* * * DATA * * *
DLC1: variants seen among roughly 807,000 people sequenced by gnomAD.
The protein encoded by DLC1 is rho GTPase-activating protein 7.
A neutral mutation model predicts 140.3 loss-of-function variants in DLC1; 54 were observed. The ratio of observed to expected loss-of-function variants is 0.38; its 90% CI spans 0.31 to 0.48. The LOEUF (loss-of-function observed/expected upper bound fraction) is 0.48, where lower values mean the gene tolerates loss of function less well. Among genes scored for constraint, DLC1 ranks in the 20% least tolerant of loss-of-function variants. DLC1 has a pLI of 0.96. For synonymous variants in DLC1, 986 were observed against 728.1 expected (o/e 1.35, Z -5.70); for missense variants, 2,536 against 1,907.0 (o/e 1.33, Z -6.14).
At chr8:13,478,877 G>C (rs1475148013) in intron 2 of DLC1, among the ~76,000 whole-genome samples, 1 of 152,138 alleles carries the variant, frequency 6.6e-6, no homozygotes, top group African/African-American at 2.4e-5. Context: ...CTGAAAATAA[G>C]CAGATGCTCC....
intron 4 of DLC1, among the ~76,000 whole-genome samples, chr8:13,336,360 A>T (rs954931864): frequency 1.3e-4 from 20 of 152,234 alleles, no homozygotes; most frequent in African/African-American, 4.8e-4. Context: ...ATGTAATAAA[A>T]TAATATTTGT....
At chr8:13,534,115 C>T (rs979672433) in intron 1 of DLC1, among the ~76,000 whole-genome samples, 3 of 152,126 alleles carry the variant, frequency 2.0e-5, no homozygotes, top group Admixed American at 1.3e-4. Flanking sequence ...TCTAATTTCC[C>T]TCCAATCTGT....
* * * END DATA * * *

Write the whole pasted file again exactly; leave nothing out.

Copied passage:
DLC1: variants seen among roughly 807,000 people sequenced by gnomAD.
The protein encoded by DLC1 is rho GTPase-activating protein 7.
A neutral mutation model predicts 140.3 loss-of-function variants in DLC1; 54 were observed. The ratio of observed to expected loss-of-function variants is 0.38; its 90% CI spans 0.31 to 0.48. The LOEUF (loss-of-function observed/expected upper bound fraction) is 0.48, where lower values mean the gene tolerates loss of function less well. Among genes scored for constraint, DLC1 ranks in the 20% least tolerant of loss-of-function variants. DLC1 has a pLI of 0.96. For synonymous variants in DLC1, 986 were observed against 728.1 expected (o/e 1.35, Z -5.70); for missense variants, 2,536 against 1,907.0 (o/e 1.33, Z -6.14).
At chr8:13,478,877 G>C (rs1475148013) in intron 2 of DLC1, among the ~76,000 whole-genome samples, 1 of 152,138 alleles carries the variant, frequency 6.6e-6, no homozygotes, top group African/African-American at 2.4e-5. Context: ...CTGAAAATAA[G>C]CAGATGCTCC....
intron 4 of DLC1, among the ~76,000 whole-genome samples, chr8:13,336,360 A>T (rs954931864): frequency 1.3e-4 from 20 of 152,234 alleles, no homozygotes; most frequent in African/African-American, 4.8e-4. Context: ...ATGTAATAAA[A>T]TAATATTTGT....
At chr8:13,534,115 C>T (rs979672433) in intron 1 of DLC1, among the ~76,000 whole-genome samples, 3 of 152,126 alleles carry the variant, frequency 2.0e-5, no homozygotes, top group Admixed American at 1.3e-4. Flanking sequence ...TCTAATTTCC[C>T]TCCAATCTGT....